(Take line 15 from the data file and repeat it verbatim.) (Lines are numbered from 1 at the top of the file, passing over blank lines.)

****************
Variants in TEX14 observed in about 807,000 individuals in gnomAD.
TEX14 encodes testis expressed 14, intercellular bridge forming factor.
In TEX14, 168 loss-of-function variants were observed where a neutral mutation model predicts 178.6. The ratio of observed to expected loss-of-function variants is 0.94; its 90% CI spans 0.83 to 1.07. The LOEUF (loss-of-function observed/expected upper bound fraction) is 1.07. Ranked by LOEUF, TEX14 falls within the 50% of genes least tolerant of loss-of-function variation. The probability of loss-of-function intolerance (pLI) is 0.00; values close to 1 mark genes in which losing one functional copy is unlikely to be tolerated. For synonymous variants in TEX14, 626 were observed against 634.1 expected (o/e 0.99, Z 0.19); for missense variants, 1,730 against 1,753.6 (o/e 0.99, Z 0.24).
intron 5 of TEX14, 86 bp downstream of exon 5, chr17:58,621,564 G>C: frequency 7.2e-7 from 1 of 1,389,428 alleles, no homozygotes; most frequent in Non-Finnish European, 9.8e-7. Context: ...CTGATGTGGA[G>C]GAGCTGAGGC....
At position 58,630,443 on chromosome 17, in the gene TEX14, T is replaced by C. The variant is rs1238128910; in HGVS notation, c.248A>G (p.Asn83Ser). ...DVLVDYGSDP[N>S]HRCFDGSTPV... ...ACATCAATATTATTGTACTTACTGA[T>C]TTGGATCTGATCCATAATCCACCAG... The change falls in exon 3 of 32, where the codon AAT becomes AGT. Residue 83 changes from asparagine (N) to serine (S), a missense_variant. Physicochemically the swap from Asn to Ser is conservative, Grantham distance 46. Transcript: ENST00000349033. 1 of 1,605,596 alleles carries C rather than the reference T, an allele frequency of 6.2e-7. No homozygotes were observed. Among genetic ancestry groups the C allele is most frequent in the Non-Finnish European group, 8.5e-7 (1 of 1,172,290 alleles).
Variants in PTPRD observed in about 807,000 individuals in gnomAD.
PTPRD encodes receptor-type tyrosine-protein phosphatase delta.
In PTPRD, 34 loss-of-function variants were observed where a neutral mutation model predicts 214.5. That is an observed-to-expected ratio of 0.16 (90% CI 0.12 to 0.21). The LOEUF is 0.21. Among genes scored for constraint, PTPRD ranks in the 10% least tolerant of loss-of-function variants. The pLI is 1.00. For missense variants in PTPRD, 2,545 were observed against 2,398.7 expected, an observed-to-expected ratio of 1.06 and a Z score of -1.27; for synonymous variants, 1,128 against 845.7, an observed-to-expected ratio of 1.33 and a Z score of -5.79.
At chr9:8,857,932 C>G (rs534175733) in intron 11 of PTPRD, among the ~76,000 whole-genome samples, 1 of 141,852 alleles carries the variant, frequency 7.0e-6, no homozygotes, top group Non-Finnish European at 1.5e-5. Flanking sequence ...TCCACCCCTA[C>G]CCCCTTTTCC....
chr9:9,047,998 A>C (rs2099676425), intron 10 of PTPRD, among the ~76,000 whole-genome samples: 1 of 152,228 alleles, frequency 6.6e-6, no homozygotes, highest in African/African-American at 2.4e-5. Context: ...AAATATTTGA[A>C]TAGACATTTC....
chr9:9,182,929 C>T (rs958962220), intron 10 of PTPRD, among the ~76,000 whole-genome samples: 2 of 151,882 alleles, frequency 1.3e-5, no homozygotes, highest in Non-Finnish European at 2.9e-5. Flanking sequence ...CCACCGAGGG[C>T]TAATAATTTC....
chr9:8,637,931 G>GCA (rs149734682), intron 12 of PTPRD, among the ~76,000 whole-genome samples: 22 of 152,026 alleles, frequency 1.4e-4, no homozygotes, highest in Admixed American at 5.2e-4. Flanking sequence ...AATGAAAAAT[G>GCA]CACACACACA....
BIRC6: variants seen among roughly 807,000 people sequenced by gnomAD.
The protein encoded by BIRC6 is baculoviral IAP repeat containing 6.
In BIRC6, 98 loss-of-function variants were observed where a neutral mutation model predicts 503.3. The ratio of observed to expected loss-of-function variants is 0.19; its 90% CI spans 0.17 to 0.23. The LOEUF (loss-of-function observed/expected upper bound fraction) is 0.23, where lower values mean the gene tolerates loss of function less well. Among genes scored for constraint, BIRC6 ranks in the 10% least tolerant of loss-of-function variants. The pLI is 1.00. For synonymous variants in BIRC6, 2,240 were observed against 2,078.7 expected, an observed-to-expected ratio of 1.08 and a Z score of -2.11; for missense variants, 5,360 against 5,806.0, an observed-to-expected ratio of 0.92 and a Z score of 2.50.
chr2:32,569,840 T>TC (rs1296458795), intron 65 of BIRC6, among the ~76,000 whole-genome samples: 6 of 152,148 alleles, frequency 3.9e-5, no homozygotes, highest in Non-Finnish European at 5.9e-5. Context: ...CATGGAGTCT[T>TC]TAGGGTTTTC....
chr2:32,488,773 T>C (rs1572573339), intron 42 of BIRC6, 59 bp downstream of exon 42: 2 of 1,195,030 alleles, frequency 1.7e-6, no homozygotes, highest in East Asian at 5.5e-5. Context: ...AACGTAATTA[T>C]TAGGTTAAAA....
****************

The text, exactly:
In BIRC6, 98 loss-of-function variants were observed where a neutral mutation model predicts 503.3. The ratio of observed to expected loss-of-function variants is 0.19; its 90% CI spans 0.17 to 0.23. The LOEUF (loss-of-function observed/expected upper bound fraction) is 0.23, where lower values mean the gene tolerates loss of function less well. Among genes scored for constraint, BIRC6 ranks in the 10% least tolerant of loss-of-function variants. The pLI is 1.00. For synonymous variants in BIRC6, 2,240 were observed against 2,078.7 expected, an observed-to-expected ratio of 1.08 and a Z score of -2.11; for missense variants, 5,360 against 5,806.0, an observed-to-expected ratio of 0.92 and a Z score of 2.50.